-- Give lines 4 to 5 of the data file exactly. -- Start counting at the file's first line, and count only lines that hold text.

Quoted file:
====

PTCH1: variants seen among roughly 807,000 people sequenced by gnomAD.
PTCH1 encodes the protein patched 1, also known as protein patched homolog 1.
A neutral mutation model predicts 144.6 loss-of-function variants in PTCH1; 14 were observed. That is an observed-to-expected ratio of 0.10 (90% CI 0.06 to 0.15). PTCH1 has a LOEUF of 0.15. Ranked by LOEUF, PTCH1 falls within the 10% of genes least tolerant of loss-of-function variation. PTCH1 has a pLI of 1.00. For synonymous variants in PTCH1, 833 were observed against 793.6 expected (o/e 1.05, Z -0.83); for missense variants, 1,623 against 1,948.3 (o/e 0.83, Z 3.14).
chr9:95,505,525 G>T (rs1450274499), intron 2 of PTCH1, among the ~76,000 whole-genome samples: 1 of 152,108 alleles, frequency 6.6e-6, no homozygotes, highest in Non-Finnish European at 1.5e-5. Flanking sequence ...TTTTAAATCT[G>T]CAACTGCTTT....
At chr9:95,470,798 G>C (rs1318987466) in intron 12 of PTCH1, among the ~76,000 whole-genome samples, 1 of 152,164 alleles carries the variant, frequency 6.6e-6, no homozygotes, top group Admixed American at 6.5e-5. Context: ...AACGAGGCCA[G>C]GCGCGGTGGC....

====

chr9:95,505,525 G>T (rs1450274499), intron 2 of PTCH1, among the ~76,000 whole-genome samples: 1 of 152,108 alleles, frequency 6.6e-6, no homozygotes, highest in Non-Finnish European at 1.5e-5. Flanking sequence ...TTTTAAATCT[G>T]CAACTGCTTT....
At chr9:95,470,798 G>C (rs1318987466) in intron 12 of PTCH1, among the ~76,000 whole-genome samples, 1 of 152,164 alleles carries the variant, frequency 6.6e-6, no homozygotes, top group Admixed American at 6.5e-5. Context: ...AACGAGGCCA[G>C]GCGCGGTGGC....